• History of La Puente Valley, California. La Puente Journal, 1960.
Hotel Rowland in La Puente, c. 1880s

Images:

  • Main Street in La Puente, 1930s
    [Courtesy of Cecelia Wictor]
  • Panoramic view of downtown La Puente, c, 1940s
    [Courtesy of the La Puente Valley Historical Society]
  • Hotel Rowland in La Puente, c. 1880s
    [Courtesy of Cecelia Wictor]
  • Puente townsite from Puente Hill, c. 1930s
    [Courtesy of Cecelia Wictor]
  • C. C. Stafford feed mill, c. 1940s
    [Courtesy of Cecelia Wictor]

Puente townsite from Puente Hill, c. 1930s     C. C. Stafford feed mill, c. 1940s

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Hudson School and children, c. 1910 9. What can you tell me about the schools of La Puente Valley?

The school system of La Puente Valley dates back to 1887, when the Hudson School District was formed; a year later, a mere sixteen students attended the district's only school, a one-room building resembling a church. In 1915, the La Puente Union High School District was formed. The district grew over the years and survived Depression-era cutbacks and a 1933 earthquake. Post-war growth in the valley spurred similar growth in the school system, so that in 1951, four new school buildings were built for about half a million dollars. Today the valley is known for its excellent school system. More information about the schools in the region can be found in the following sources:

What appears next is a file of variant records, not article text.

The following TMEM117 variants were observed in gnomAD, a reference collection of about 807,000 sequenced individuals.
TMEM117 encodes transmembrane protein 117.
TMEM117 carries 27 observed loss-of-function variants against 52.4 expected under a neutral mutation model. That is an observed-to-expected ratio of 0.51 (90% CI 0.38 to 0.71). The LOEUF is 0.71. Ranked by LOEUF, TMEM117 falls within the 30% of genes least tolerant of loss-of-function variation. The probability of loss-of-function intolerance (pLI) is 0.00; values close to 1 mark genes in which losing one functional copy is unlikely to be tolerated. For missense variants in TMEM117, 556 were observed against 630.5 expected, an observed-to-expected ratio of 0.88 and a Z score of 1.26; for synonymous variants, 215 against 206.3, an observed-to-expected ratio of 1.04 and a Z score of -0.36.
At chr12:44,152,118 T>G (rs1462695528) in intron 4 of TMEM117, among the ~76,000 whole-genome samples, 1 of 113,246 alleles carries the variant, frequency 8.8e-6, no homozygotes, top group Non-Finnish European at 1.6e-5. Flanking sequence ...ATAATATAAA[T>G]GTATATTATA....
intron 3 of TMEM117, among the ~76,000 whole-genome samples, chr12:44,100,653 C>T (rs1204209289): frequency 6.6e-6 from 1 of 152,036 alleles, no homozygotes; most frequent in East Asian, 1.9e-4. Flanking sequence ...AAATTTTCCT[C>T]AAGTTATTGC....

Website Links:

Hudson Elementary School in La Puente, c. 1950s

Print Sources:

  • History of La Puente Valley, California. Reprinted from the October 6, 1960, 50th Anniversary Edition of La Puente Valley Journal and Supplementary Articles, 1910-1960.
  • Hacienda Heights: Growing with Pride. Ideas Unlimited, 1970.
Puente High School gymnasium, c. 1940s

Images:

  • Hudson School and children, c. 1910
    [Courtesy of Cecelia Wictor]
  • Puente High School gymnasium, c. 1940s
    [Courtesy of Cecelia Wictor]
  • Hudson Elementary School in La Puente, c. 1950s
    [Courtesy of Cecelia Wictor]